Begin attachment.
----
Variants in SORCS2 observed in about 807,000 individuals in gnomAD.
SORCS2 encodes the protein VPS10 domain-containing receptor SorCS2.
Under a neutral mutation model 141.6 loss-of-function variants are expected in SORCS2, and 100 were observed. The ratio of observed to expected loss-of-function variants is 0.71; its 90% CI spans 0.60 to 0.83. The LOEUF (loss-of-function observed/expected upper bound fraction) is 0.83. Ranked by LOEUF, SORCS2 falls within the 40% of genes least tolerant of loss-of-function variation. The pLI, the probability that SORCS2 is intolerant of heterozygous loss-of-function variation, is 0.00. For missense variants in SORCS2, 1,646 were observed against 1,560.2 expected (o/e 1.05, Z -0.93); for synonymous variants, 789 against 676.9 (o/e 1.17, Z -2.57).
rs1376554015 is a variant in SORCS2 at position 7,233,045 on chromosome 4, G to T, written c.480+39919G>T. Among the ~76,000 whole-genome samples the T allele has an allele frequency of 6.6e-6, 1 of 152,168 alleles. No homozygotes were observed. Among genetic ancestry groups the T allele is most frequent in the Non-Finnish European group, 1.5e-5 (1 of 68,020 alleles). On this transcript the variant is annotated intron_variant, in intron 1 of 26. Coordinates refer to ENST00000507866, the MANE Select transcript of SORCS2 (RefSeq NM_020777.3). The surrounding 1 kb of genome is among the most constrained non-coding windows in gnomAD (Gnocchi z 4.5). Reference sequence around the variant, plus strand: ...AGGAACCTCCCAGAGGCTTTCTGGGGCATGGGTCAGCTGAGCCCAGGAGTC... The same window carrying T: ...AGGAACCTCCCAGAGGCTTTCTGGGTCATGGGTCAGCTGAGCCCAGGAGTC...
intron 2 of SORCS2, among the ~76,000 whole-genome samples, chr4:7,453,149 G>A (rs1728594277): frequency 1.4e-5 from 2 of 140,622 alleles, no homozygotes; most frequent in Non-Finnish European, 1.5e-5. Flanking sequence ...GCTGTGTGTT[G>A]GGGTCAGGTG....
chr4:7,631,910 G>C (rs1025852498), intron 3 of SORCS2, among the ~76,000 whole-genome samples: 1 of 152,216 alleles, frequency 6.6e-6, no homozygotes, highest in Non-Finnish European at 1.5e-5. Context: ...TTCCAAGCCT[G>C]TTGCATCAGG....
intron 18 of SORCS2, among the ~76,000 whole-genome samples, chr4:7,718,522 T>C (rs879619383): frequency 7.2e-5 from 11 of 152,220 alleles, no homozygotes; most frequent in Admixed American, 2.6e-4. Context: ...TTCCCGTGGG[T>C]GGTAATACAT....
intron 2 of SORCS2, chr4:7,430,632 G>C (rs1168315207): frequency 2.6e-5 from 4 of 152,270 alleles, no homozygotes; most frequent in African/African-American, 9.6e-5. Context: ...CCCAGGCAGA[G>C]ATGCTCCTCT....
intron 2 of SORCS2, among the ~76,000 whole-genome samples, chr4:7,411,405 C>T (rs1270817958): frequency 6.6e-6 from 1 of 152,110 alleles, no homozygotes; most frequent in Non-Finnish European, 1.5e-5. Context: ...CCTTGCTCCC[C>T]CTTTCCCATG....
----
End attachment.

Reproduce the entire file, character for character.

Variants in SORCS2 observed in about 807,000 individuals in gnomAD.
SORCS2 encodes the protein VPS10 domain-containing receptor SorCS2.
Under a neutral mutation model 141.6 loss-of-function variants are expected in SORCS2, and 100 were observed. The ratio of observed to expected loss-of-function variants is 0.71; its 90% CI spans 0.60 to 0.83. The LOEUF (loss-of-function observed/expected upper bound fraction) is 0.83. Ranked by LOEUF, SORCS2 falls within the 40% of genes least tolerant of loss-of-function variation. The pLI, the probability that SORCS2 is intolerant of heterozygous loss-of-function variation, is 0.00. For missense variants in SORCS2, 1,646 were observed against 1,560.2 expected (o/e 1.05, Z -0.93); for synonymous variants, 789 against 676.9 (o/e 1.17, Z -2.57).
rs1376554015 is a variant in SORCS2 at position 7,233,045 on chromosome 4, G to T, written c.480+39919G>T. Among the ~76,000 whole-genome samples the T allele has an allele frequency of 6.6e-6, 1 of 152,168 alleles. No homozygotes were observed. Among genetic ancestry groups the T allele is most frequent in the Non-Finnish European group, 1.5e-5 (1 of 68,020 alleles). On this transcript the variant is annotated intron_variant, in intron 1 of 26. Coordinates refer to ENST00000507866, the MANE Select transcript of SORCS2 (RefSeq NM_020777.3). The surrounding 1 kb of genome is among the most constrained non-coding windows in gnomAD (Gnocchi z 4.5). Reference sequence around the variant, plus strand: ...AGGAACCTCCCAGAGGCTTTCTGGGGCATGGGTCAGCTGAGCCCAGGAGTC... The same window carrying T: ...AGGAACCTCCCAGAGGCTTTCTGGGTCATGGGTCAGCTGAGCCCAGGAGTC...
intron 2 of SORCS2, among the ~76,000 whole-genome samples, chr4:7,453,149 G>A (rs1728594277): frequency 1.4e-5 from 2 of 140,622 alleles, no homozygotes; most frequent in Non-Finnish European, 1.5e-5. Flanking sequence ...GCTGTGTGTT[G>A]GGGTCAGGTG....
chr4:7,631,910 G>C (rs1025852498), intron 3 of SORCS2, among the ~76,000 whole-genome samples: 1 of 152,216 alleles, frequency 6.6e-6, no homozygotes, highest in Non-Finnish European at 1.5e-5. Context: ...TTCCAAGCCT[G>C]TTGCATCAGG....
intron 18 of SORCS2, among the ~76,000 whole-genome samples, chr4:7,718,522 T>C (rs879619383): frequency 7.2e-5 from 11 of 152,220 alleles, no homozygotes; most frequent in Admixed American, 2.6e-4. Context: ...TTCCCGTGGG[T>C]GGTAATACAT....
intron 2 of SORCS2, chr4:7,430,632 G>C (rs1168315207): frequency 2.6e-5 from 4 of 152,270 alleles, no homozygotes; most frequent in African/African-American, 9.6e-5. Context: ...CCCAGGCAGA[G>C]ATGCTCCTCT....
intron 2 of SORCS2, among the ~76,000 whole-genome samples, chr4:7,411,405 C>T (rs1270817958): frequency 6.6e-6 from 1 of 152,110 alleles, no homozygotes; most frequent in Non-Finnish European, 1.5e-5. Context: ...CCTTGCTCCC[C>T]CTTTCCCATG....